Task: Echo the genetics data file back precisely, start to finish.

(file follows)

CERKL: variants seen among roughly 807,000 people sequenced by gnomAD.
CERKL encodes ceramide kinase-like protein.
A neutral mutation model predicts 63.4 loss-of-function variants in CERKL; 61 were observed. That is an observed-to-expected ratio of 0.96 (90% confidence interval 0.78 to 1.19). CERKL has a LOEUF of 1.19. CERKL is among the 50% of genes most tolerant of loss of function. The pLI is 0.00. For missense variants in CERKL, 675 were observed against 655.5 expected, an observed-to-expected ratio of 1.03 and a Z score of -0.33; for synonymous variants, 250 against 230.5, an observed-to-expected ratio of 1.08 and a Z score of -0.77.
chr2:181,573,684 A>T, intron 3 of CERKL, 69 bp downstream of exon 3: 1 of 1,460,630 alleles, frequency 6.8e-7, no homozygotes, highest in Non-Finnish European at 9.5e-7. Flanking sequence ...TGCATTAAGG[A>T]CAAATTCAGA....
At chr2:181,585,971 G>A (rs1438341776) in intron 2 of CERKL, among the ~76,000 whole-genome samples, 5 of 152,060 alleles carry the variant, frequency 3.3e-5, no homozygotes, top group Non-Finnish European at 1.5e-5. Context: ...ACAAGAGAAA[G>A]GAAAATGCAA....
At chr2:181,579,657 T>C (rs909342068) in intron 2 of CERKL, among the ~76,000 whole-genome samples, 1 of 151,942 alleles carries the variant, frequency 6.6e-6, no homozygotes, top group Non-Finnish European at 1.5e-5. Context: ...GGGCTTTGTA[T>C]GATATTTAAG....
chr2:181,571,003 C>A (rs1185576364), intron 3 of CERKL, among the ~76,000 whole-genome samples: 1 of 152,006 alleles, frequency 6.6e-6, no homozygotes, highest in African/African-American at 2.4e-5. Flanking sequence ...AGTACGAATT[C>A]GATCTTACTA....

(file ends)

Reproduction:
CERKL: variants seen among roughly 807,000 people sequenced by gnomAD.
CERKL encodes ceramide kinase-like protein.
A neutral mutation model predicts 63.4 loss-of-function variants in CERKL; 61 were observed. That is an observed-to-expected ratio of 0.96 (90% confidence interval 0.78 to 1.19). CERKL has a LOEUF of 1.19. CERKL is among the 50% of genes most tolerant of loss of function. The pLI is 0.00. For missense variants in CERKL, 675 were observed against 655.5 expected, an observed-to-expected ratio of 1.03 and a Z score of -0.33; for synonymous variants, 250 against 230.5, an observed-to-expected ratio of 1.08 and a Z score of -0.77.
chr2:181,573,684 A>T, intron 3 of CERKL, 69 bp downstream of exon 3: 1 of 1,460,630 alleles, frequency 6.8e-7, no homozygotes, highest in Non-Finnish European at 9.5e-7. Flanking sequence ...TGCATTAAGG[A>T]CAAATTCAGA....
At chr2:181,585,971 G>A (rs1438341776) in intron 2 of CERKL, among the ~76,000 whole-genome samples, 5 of 152,060 alleles carry the variant, frequency 3.3e-5, no homozygotes, top group Non-Finnish European at 1.5e-5. Context: ...ACAAGAGAAA[G>A]GAAAATGCAA....
At chr2:181,579,657 T>C (rs909342068) in intron 2 of CERKL, among the ~76,000 whole-genome samples, 1 of 151,942 alleles carries the variant, frequency 6.6e-6, no homozygotes, top group Non-Finnish European at 1.5e-5. Context: ...GGGCTTTGTA[T>C]GATATTTAAG....
chr2:181,571,003 C>A (rs1185576364), intron 3 of CERKL, among the ~76,000 whole-genome samples: 1 of 152,006 alleles, frequency 6.6e-6, no homozygotes, highest in African/African-American at 2.4e-5. Flanking sequence ...AGTACGAATT[C>A]GATCTTACTA....